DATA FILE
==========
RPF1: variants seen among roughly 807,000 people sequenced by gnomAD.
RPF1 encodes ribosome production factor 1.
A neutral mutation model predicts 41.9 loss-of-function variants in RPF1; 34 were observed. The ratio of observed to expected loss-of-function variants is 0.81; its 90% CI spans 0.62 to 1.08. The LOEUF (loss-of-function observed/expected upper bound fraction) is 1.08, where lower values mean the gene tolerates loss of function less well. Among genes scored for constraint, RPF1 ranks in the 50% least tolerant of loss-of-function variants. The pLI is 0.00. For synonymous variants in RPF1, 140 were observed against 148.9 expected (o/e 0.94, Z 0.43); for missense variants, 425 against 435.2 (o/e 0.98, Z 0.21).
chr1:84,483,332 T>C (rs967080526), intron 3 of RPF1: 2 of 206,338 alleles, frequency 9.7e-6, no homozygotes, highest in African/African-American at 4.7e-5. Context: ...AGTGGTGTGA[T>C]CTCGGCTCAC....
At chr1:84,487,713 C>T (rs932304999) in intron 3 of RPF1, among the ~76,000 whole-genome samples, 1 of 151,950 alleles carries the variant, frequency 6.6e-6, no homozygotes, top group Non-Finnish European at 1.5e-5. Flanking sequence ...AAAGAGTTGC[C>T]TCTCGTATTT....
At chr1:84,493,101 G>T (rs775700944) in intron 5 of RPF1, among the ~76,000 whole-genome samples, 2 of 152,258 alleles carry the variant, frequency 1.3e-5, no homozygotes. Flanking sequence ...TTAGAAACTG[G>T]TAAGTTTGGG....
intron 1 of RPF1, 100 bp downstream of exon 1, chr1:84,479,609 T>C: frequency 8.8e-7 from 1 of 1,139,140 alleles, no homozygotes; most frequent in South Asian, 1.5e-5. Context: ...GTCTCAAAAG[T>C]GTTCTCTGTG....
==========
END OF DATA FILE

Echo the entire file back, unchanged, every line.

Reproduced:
RPF1: variants seen among roughly 807,000 people sequenced by gnomAD.
RPF1 encodes ribosome production factor 1.
A neutral mutation model predicts 41.9 loss-of-function variants in RPF1; 34 were observed. The ratio of observed to expected loss-of-function variants is 0.81; its 90% CI spans 0.62 to 1.08. The LOEUF (loss-of-function observed/expected upper bound fraction) is 1.08, where lower values mean the gene tolerates loss of function less well. Among genes scored for constraint, RPF1 ranks in the 50% least tolerant of loss-of-function variants. The pLI is 0.00. For synonymous variants in RPF1, 140 were observed against 148.9 expected (o/e 0.94, Z 0.43); for missense variants, 425 against 435.2 (o/e 0.98, Z 0.21).
chr1:84,483,332 T>C (rs967080526), intron 3 of RPF1: 2 of 206,338 alleles, frequency 9.7e-6, no homozygotes, highest in African/African-American at 4.7e-5. Context: ...AGTGGTGTGA[T>C]CTCGGCTCAC....
At chr1:84,487,713 C>T (rs932304999) in intron 3 of RPF1, among the ~76,000 whole-genome samples, 1 of 151,950 alleles carries the variant, frequency 6.6e-6, no homozygotes, top group Non-Finnish European at 1.5e-5. Flanking sequence ...AAAGAGTTGC[C>T]TCTCGTATTT....
At chr1:84,493,101 G>T (rs775700944) in intron 5 of RPF1, among the ~76,000 whole-genome samples, 2 of 152,258 alleles carry the variant, frequency 1.3e-5, no homozygotes. Flanking sequence ...TTAGAAACTG[G>T]TAAGTTTGGG....
intron 1 of RPF1, 100 bp downstream of exon 1, chr1:84,479,609 T>C: frequency 8.8e-7 from 1 of 1,139,140 alleles, no homozygotes; most frequent in South Asian, 1.5e-5. Context: ...GTCTCAAAAG[T>C]GTTCTCTGTG....